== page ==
Betaxolol ; Uses, Dosage, Side Effects, Interactions, Pregnancy

Betaxolol ; Uses, Dosage, Side Effects, Interactions, Pregnancy

Betaxolol is a racemic mixture and selective beta-1 adrenergic receptor antagonist with antihypertensive and anti-glaucoma activities and devoid of intrinsic sympathomimetic activity. Betaxolol selectively and competitively binds to and blocks beta-1 adrenergic receptors in the heart, thereby decreasing cardiac contractility and rate. This leads to a reduction in cardiac output and lowers blood pressure. When applied topically in the eye, this agent reduces aqueous humor secretion and lowers the intraocular pressure (IOP). In addition, betaxolol prevents the release of renin, a hormone secreted by the kidneys that causes constriction of blood vessels.

Betaxolol also shows greater affininty for beta1 receptors than metoprolol. It works by blocking the action of certain natural chemicals in your bodies such as epinephrine that affects the heart and blood vessels.

Mechanism of action of Betaxolol

Betaxolol selectively blocks catecholamine stimulation of beta(1)-adrenergic receptors in the heart and vascular smooth muscle. This results in a reduction of heart rate, cardiac output, systolic and diastolic blood pressure, and possibly reflex orthostatic hypotension. Betaxolol can also competitively block beta(2)-adrenergic responses in the bronchial and vascular smooth muscles, causing bronchospasm.Betaxolol is a competitive, beta(1)-selective (cardioselective) adrenergic antagonist . Activation of beta(1)-receptors (located mainly in the heart) by epinephrine increases the heart rate and the blood pressure, and the heart consumes more oxygen. Drugs such as betaxolol that block these receptors, therefore, have the reverse effect: they lower the heart rate and blood pressure and hence are used in conditions when the heart itself is deprived of oxygen. They are routinely prescribed in patients with ischemic heart disease. In addition, beta(1)-selective blockers prevent the release of renin, which is a hormone produced by the kidneys which lead to constriction of blood vessels. Betaxolol is lipophilic and exhibits no intrinsic sympathomimetic activity (ISA) or membrane stabilizing activity.

Indications of Betaxolol

  • Angina pectoris prophylaxis
  • To treatment of hypertension,
  • Arrhythmias,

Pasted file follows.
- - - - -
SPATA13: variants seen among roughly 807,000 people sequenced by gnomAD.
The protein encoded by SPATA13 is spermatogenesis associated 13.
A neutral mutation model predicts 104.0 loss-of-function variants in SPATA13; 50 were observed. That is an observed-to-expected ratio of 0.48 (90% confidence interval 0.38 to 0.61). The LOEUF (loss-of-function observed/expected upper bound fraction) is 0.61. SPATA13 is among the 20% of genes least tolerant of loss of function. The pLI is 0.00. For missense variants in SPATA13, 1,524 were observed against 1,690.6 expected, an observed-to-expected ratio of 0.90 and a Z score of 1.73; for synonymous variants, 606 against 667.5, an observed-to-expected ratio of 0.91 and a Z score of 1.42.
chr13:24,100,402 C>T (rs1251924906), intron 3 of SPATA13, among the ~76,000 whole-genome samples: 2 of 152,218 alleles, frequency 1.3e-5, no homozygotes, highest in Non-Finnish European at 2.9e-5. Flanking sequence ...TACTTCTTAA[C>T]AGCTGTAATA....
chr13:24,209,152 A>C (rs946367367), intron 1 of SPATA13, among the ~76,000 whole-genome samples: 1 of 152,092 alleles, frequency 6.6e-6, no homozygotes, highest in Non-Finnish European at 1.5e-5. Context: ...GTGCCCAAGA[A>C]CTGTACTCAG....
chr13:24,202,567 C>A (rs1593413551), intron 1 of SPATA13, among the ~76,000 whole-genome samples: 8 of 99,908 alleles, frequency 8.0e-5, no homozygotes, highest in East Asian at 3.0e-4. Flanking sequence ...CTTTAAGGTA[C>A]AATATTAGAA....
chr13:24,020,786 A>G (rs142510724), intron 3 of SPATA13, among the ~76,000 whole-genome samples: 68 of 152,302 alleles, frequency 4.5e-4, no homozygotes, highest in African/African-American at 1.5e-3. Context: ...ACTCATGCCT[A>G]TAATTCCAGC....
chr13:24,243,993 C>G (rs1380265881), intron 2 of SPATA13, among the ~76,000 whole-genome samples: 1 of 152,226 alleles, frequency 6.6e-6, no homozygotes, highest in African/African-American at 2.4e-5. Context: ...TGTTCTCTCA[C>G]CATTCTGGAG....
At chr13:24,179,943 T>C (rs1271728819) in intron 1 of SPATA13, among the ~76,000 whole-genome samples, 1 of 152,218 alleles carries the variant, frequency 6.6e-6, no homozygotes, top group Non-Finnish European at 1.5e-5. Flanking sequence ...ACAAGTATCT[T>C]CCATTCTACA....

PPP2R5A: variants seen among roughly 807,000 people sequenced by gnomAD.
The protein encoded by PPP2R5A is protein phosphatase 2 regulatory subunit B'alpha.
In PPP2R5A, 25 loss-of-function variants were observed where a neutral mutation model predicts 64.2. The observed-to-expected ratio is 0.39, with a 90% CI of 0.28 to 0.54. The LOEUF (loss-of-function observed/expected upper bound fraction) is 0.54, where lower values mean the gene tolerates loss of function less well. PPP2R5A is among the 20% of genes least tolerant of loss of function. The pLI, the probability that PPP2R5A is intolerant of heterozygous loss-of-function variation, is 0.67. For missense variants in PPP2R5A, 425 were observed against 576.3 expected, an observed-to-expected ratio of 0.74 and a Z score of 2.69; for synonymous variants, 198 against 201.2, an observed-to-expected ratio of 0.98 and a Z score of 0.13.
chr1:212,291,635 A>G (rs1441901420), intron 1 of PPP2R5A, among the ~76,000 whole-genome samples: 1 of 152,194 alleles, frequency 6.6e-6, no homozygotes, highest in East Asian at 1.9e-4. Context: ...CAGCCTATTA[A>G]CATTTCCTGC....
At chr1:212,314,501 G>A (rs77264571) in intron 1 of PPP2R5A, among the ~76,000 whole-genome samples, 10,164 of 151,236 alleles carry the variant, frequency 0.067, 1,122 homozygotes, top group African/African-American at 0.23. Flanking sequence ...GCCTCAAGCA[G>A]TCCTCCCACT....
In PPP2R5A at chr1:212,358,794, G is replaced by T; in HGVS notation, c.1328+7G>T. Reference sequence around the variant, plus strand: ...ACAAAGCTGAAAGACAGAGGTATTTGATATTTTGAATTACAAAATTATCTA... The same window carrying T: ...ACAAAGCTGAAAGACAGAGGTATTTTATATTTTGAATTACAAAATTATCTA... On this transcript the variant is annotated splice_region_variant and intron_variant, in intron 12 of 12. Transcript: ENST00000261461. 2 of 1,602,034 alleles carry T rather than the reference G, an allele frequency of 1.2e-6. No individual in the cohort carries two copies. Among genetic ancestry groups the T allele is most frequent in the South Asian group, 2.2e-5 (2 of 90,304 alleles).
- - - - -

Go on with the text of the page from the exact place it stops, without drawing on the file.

• Coronary heart disease,
  • Glaucoma,
  • To reduce non-fatal cardiac events in patients with heart failure.
  • Ophthalmic: for the management of glaucoma
  • the drug seems to have an effect of neuroprotection in glaucoma treatment
  • Reduction of elevated intraocular pressure in conditions such as ocular hypertension
  • Chronic open-angle glaucoma.
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Contra-Indications of Betaxolol

  • Patients with sinus bradycardia, heart block greater than first degree, cardiogenic shock, and overt cardiac failure
  • Sinus bradycardia, sick sinus syndrome, sino-atrial block
  • Cardiogenic shock;
  • Overt cardiac failure;
  • Pheochromocytoma
  • Diabetes
  • Depression
  • Complete heart block
  • Second-degree atrioventricular heart block
  • Sinus bradycardia
  • Suddenly serious symptoms of heart failure
  • Occasional Numbness
  • Prickling
  • Tingling of fingers and toes
  • Asthma
  • Asthma attack
  • Liver problems
  • kidney disease with the reduction in kidney function
  • Severe renal impairment
  • Psoriasis
  • Blood circulation failure due to the serious heart condition
  • Pregnancy
  • Anaphylactic shock due to Allergy Shots
  • Second or third degree AV block not controlled with pace-maker.;
  • Hypersensitivity to the active substance (betaxolol),
  • Reactive airway disease including severe bronchial asthma or a history of severe bronchial asthma, severe chronic obstructive pulmonary disease.

Dosage of Betaxolol

Intraocular Hypertension

  • 0.25% suspension: One drop in the affected eye(s) twice a day
  • 0.5% solution: One to two drops in the affected eye(s) twice a day

Glaucoma (Open Angle)

  • 0.25% suspension: One drop in the affected eye(s) twice a day
  • 0.5% solution: One to two drops in the affected eye(s) twice a day

Pediatric Dose for Intraocular Hypertension

  • 0.25% suspension: One drop in the affected eye(s) twice a day

Side Effects of Betaxolol

The most common

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Common

Rare

 Drugs interactions of Betaxolol

Betaxolol may interact with following drugs, supplements, & may change the efficacy of drugs

Pregnancy & Lactation

Pregnancy

There are no adequate data for the use of betaxolol in pregnant women. Betaxolol should not be used during pregnancy unless clearly necessary.

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Epidemiological studies have not revealed malformative effects but show a risk for intra uterine growth retardation when beta-blockers are administered by the oral route. In addition, signs and symptoms of beta-blockade (e.g. bradycardia, hypotension, respiratory distress, and hypoglycemia) have been observed in the neonate when beta-blockers have been administered until delivery. If Betaxolol Eye Drops is administered until delivery, the neonate should be carefully monitored during the first days of life.

Lactation

Beta-blockers are excreted in breast milk, having the potential to cause serious undesirable effects in the infant of the nursing mother. However, at therapeutic doses of betaxolol in eye drops, it is not likely that sufficient amounts would be present in breast milk to produce clinical symptoms of beta-blockade in the infant.

References

Betaxolol

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